All About Circuits Forum  

Go Back   All About Circuits Forum > Electronics Forums > Homework Help

Notices

Homework Help Stuck on a textbook question or coursework? Cramming for a test and need help understanding something? Post your questions and attempts here and let others help.

Reply   Post New Thread
 
Thread Tools Display Modes
  #1  
Old 05-17-2011, 04:19 AM
SanRath SanRath is offline
New Member
 
Join Date: Oct 2010
Posts: 8
Default NPN Transistor in Cut-Off & Saturation Function.

Dear All.

This is Sachin Rathod from Mumbai, India.

Can you explain me the basic idea of NPN Bipolar Junction Transistor in Cut-Off & Saturation Mode?

Waiting to have a help from you very soon.

Thank You,
Sachin Rathod.
Reply With Quote
  #2  
Old 05-17-2011, 05:06 AM
jegues's Avatar
jegues jegues is offline
Senior Member
 
Join Date: Sep 2010
Posts: 728
Default

Quote:
Originally Posted by SanRath View Post
Dear All.

This is Sachin Rathod from Mumbai, India.

Can you explain me the basic idea of NPN Bipolar Junction Transistor in Cut-Off & Saturation Mode?

Waiting to have a help from you very soon.

Thank You,
Sachin Rathod.
There is plenty information on these topics available on the web.

For example a quick wiki gives the following,

http://en.wikipedia.org/wiki/Bipolar...ion_transistor

Anyways I'll give you a quick idea of what I understand of the two modes of operation.

Saturation mode and cut off mode are commonly used amongst switching applications (e.g., logic circuits)

As the name implies, in the cutoff mode no current flows because both junctions are reverse biased.

In saturation mode, both junctions are forward biased.

In active mode, the collector current Ic is independent of the collector base voltage Vcb, this situation extends for Vcb going negative to approximately -0.4V.

Below this value of Vcb, the CBJ begins to conduct sufficiently (i.e. it is said to saturate) that the transistor leaves active mode and enter the saturation mode of operation, where Ic decreases.

This change in Vcb (or conversely, Vbc) and decrease in Ic causes the ratio for the DC current gain, β to decrease.

The of a saturated transistor can be tweaked to any desired value lower than β by adjusting Vbc.



To determine wheter the BJT is in saturation one of asks himself either of the two following questions.

Is the CBJ forward biased by more than 0.4V?

Is the ratio of lower than β?

The collector-emitter voltage of a saturated transistor is simply the difference between the forward-bias voltages of the EBJ and CBJ,



This is typically in the range of 0.1V to 0.3V.

I hope this helps!
Reply With Quote
  #3  
Old 05-17-2011, 09:45 AM
Jony130 Jony130 is online now
Senior Member
 
Join Date: Feb 2009
Location: Poland/Wroclaw
Posts: 2,279
Default

When the BJT is in Cut-Off mode, no current is flow through BJT.
Simply the BJT is in OFF state.
The saturation is opposite to Cut-off.
In saturation increase of the base current (or voltage) causes no further change in collector current (or voltage).
In saturation the BJT is in full open (ON), conduct the max. allowed current by the load.
And If NPN transistor is full ON (saturated) then he act just like a short (a switch). Short collector to GND. Or in general short collector to emitter.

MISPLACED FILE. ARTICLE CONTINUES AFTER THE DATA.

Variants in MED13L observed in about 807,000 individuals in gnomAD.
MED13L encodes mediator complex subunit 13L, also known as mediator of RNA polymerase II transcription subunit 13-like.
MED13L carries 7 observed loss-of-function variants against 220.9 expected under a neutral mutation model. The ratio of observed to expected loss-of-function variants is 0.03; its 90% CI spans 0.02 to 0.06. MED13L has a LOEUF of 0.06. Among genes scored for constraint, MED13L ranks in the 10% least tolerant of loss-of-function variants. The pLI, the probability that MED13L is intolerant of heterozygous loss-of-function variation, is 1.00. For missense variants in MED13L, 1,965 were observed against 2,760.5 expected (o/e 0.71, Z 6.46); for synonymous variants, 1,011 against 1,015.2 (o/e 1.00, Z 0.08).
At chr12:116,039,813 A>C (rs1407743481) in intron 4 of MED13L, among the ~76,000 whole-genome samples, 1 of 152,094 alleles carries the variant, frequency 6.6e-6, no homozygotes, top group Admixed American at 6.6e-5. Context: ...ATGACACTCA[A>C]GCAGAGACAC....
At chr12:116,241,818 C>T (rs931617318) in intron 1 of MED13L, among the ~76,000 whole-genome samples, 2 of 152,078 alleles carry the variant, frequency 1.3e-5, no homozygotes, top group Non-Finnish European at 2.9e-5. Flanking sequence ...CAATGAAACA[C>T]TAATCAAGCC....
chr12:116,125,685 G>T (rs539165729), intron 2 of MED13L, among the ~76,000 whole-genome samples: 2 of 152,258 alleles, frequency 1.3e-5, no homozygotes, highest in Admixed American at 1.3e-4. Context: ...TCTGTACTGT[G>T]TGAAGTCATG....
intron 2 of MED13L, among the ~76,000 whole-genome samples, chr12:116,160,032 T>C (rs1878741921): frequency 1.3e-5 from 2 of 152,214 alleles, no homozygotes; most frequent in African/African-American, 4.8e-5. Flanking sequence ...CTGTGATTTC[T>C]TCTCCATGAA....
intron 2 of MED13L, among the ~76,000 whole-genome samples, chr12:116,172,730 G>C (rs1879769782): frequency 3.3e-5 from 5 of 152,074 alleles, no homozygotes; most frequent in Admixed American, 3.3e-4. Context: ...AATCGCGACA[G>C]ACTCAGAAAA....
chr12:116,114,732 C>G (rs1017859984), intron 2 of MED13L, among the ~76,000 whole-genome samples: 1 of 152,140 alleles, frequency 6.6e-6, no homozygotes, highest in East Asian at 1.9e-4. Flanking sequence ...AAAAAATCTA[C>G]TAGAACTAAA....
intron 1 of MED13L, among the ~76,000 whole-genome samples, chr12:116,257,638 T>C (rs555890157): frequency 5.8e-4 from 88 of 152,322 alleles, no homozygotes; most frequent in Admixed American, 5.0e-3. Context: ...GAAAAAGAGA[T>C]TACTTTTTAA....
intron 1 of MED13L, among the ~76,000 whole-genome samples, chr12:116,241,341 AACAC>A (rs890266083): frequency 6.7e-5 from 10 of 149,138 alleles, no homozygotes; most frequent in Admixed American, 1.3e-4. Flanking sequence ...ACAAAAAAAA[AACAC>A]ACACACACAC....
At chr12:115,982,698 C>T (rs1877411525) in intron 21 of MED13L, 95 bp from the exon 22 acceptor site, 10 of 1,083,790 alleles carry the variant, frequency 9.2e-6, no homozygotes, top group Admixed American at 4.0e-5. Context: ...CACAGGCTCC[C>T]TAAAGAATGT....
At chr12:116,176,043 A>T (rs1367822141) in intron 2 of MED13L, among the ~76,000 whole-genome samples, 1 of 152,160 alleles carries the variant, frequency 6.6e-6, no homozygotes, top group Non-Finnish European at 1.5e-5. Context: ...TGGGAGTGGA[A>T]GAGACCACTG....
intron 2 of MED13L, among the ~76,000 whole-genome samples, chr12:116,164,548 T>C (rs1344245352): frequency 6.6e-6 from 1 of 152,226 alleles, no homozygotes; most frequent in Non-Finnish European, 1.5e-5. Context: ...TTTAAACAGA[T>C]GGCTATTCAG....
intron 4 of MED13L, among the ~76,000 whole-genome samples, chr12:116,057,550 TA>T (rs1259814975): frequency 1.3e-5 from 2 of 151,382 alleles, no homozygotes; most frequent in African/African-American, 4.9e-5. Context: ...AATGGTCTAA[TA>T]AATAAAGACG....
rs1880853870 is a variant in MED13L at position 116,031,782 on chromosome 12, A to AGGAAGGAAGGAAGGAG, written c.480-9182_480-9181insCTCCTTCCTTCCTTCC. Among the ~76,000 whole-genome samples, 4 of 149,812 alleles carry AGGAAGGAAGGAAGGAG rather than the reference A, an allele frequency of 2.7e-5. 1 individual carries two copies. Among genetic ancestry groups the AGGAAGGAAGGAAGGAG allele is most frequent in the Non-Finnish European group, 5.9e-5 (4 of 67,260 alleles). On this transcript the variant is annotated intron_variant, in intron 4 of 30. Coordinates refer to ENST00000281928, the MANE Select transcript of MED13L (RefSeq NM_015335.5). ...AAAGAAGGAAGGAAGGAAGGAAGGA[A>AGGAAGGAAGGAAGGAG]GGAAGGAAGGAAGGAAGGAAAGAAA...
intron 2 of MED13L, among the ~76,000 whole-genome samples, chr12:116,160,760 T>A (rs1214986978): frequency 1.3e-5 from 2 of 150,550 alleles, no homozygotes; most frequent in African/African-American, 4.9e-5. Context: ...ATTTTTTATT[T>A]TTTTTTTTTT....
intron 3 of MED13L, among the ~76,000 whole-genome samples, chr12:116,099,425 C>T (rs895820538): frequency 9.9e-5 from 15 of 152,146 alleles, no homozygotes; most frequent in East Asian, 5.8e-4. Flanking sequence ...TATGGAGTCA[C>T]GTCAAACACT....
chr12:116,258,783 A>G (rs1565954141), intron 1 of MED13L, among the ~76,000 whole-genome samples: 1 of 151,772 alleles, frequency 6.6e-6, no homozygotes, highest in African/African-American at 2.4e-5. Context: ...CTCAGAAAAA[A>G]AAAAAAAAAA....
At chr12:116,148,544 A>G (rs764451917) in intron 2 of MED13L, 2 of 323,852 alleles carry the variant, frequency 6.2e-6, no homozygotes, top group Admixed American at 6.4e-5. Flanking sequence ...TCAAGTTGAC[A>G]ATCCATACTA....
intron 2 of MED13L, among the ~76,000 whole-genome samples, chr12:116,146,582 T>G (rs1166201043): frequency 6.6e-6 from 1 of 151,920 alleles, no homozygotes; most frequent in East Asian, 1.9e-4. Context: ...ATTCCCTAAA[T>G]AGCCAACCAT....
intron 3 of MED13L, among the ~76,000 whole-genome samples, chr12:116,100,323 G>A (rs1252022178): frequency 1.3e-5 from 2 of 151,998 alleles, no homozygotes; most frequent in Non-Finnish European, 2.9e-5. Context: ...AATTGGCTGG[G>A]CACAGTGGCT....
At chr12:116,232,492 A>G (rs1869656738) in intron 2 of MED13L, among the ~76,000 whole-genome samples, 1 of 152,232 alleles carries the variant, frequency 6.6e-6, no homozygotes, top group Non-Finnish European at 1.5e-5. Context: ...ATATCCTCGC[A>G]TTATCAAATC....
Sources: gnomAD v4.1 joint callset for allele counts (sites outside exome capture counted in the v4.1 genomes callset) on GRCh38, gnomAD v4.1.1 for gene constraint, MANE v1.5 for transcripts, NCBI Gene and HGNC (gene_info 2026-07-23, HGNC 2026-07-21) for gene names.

And in real circuit the collector to emitter voltage in saturation will not gona be equal 0V. But will be equal Vce(sat) = 0.2V typical.





PS. jegues witch book prefer such a "strange" definition of saturation ?
I never check Vcb voltage to see if BJT is in saturation region.

Last edited by Jony130; 05-17-2011 at 09:54 AM.
Reply With Quote
The Following User Says Thank You to Jony130 For This Useful Post:
anhnha (08-22-2012)
  #4  
Old 05-17-2011, 12:00 PM
jegues's Avatar
jegues jegues is offline
Senior Member
 
Join Date: Sep 2010
Posts: 728
Default

Quote:
Originally Posted by Jony130 View Post
PS. jegues witch book prefer such a "strange" definition of saturation ?
I never check Vcb voltage to see if BJT is in saturation region.
My definition comes out of the Sedra/Smith text.

Usually I'd start off the DC analysis with the assumption the transistors in active mode, and verified this by looking at the voltage across the CBJ in order to reassure myself the transistor isn't in saturation.
Reply With Quote
Reply   Post New Thread

Tags
, , , ,


Related Site Pages
Section Title
Worksheet Class A BJT amplifiers
Worksheet Bipolar junction transistors as switches
Worksheet Bipolar junction transistor theory
Textbook IGBTs : Insulated-gate Field-effect Transistors
Textbook Transistor ratings and packages : Bipolar Junction Transistors
Textbook Current mirrors : Bipolar Junction Transistors
Textbook The common-collector amplifier : Bipolar Junction Transistors
Textbook The common-emitter amplifier : Bipolar Junction Transistors
Textbook Meter check of a transistor : Bipolar Junction Transistors
Textbook Bipolar junction transistors : Solid-state Device Theory


Similar Threads
Thread Thread Starter Forum Replies Last Post
Error in PNP and NPN direction syed_husain Feedback and Suggestions 1 04-19-2011 06:02 AM
Substitute NPN tranistor for pushbutton switch Circuit Breaker The Projects Forum 3 12-16-2010 12:20 PM
Help with bipolar NPN selection ke5nnt The Projects Forum 8 10-31-2009 05:17 AM
OPEN COLLECTOR -PNP or NPN GARYN The Projects Forum 2 09-30-2009 09:00 PM
How to implement an Upper Cut Off Frequency? Denny1234 Homework Help 4 04-18-2008 01:50 PM

Thread Tools
Display Modes

Posting Rules
You may not post new threads
You may not post replies
You may not post attachments
You may not edit your posts

BB code is On
Smilies are On
[IMG] code is On
HTML code is Off

Forum Jump


All times are GMT. The time now is 12:34 PM.


User-posted content, unless source quoted, is licensed under a Creative Commons Public Domain License.
Powered by vBulletin® Version 3.8.7
Copyright ©2000 - 2014, vBulletin Solutions, Inc.